How to Survive is a pseudo-isometric action RPG published by 505 Games. It has the typical premise of many recent zombie games: you are one of three survivors who end up marooned on a desert island after a non-specific disaster and have to survive the zombies that infest the island. While the premise of the game and its design promise a sort of tense and realistic survival experience, what the game actually offers is a hack-and-slash game in the vein of Diablo or Titan Quest, centered around a tongue-in-cheek comedy tone that varies from cringe-worthy to humorous.
You may have noticed the blurriness of the screenshot used in the boxout - that's just as blurry in game, more so in fact since its scaled up. The art assets for the guide segments haven't been resampled or anything for the PC version, so I hope you enjoy a game with blurry image compression. It's a shame really, since those are definitely a part of the game I actually enjoyed and found kind of funny.
Many of the design decisions are indicative of
a poor console port
A lot of the problems I do have with How to Survive seem to be a result of design choices made for the console version, but some of these choices don't seem smart even for a console game. For example, to continue your previous game, you have to counter-intuitively go to the same way you create a new game, select your character as if you are starting a new game, and then and only then, you can load the previous game. Why there isn't an option to continue the last played game is beyond me. Some might say it's a console thing, but that doesn't seem right, plenty of console games have no problem with getting you into the game much quicker. Moreover, can anyone else remember the time when playing on a console was just plug in a cartridge and go? I sure do.
The UI in general is a lot clunkier than it needs to be, requiring you to click through a lot more than is necessary. And there's not much work put into the PC port in terms of actual PC options. Graphics options are literally non-existent, the controller bindings can't be rebound, and controllers other than the XBox 360 controller (such as a Retrolink) suffer greatly for not being able to be rebound when they don't seem to have trouble in general. The framerate seems limited at 30 FPS which isn't as big a problem for a pseudo-isometric game, but it feels jittery sometimes as a result of the limiter.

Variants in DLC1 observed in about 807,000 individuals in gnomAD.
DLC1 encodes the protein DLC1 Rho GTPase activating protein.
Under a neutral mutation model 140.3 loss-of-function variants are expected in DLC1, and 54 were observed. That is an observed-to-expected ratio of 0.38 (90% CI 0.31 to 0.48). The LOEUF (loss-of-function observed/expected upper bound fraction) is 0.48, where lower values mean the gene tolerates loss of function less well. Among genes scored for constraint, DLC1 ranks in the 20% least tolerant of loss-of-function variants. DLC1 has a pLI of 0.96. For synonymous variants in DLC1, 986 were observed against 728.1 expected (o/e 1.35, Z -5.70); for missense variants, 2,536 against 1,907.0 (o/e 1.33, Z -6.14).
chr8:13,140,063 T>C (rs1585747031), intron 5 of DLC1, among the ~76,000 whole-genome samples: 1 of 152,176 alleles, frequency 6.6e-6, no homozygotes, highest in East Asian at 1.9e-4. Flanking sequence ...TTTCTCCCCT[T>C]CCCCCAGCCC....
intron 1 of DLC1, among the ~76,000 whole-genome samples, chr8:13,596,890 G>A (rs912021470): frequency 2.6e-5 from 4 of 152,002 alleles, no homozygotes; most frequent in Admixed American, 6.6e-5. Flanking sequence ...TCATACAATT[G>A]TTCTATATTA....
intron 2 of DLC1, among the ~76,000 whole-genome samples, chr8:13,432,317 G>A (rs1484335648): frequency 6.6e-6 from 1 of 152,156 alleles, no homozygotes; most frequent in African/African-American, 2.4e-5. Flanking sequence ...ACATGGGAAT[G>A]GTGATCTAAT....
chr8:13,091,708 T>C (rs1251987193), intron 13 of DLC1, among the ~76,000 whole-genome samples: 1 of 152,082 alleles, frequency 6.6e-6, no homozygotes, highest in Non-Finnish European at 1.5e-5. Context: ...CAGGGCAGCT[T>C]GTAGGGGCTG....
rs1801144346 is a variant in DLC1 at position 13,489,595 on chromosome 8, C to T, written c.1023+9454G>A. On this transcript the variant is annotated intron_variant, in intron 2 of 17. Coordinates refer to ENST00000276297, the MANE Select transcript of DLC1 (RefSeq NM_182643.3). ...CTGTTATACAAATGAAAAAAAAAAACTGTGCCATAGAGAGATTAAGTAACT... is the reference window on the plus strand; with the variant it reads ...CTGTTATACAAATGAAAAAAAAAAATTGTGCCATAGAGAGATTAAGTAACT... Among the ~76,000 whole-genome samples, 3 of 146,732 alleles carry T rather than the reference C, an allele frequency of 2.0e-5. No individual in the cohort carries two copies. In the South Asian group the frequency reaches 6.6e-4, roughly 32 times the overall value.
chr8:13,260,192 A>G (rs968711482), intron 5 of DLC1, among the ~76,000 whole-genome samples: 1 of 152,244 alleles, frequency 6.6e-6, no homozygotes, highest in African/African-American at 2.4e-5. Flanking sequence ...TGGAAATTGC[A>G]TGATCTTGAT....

Console design choices aren't limited to simply UI problems however: the ranged combat features an auto-aim system that considers an enemy at fifty paces just as important as the zombie munching on your jugular. In the moments where the game remembers it has to challenge the player and throws a horde at the player, there were more than a few times that I died not out of not having supplies, being out-maneuvered, or such, but simply because the game decided that I was going to be shooting at enemies at the back of the pack rather than the one that was about ready to eat me.
Melee combat is well-executed but fairly bland and generic,
while ranged combat suffers from a poor auto-aim system
Fighting is what you'll be doing the most of in the game, and the fact that it is as average and generic at best as it is, is what mostly contributes to the feeling of mediocrity that the game gives. The melee combat is very familiar to players of any hack-and-slash RPG, clicking away at enemies, but without much variety to it. It features basic attacks and finishers and that's about it, there isn't any real variety of skills to be had to make a samey combat mechanics seem varied or interesting. It's functional, but it isn't stellar, and the range combat becomes a huge problem in larger groups because of the auto-aim mentioned above.
Difficulty in the game really is non-existant or controller-tossing, there isn't any middle ground. Every time you get to a supposedly-safe house they'll clown car fifty billion zombies into your face and you'll be expected to get past. Fail? Back to checkpoint. Again and again and again. It's not insurmountable, but with how you can't disengage to heal effectively - or heal mid-combat, it's no surprise that this is where pretty much 99% of the game's deaths are. Since just getting hit by even the mildest attacks knocks you back, any number greater than two or three zombies will kill you no matter how unthreatening they are. It might be in keeping with the zombie genre I suppose, but you can't combine a spectacle-fighter ish combat system with instant death without giving much better dodge and maneuvering options than there are present. The amount of times I got pissed off at the game as a result of that was too damn high.
There's a few neat Steam and PC-centric touches such as Steam achievements, trading cards, and seeing where online players died with tombstone markers, but they seem like easy afterthought PC bits which don't detract from the fact that the game is a fairly poor port. A stable port, mind, from what I've seen, but the jankiness of that console port really carries through every aspect of the game.
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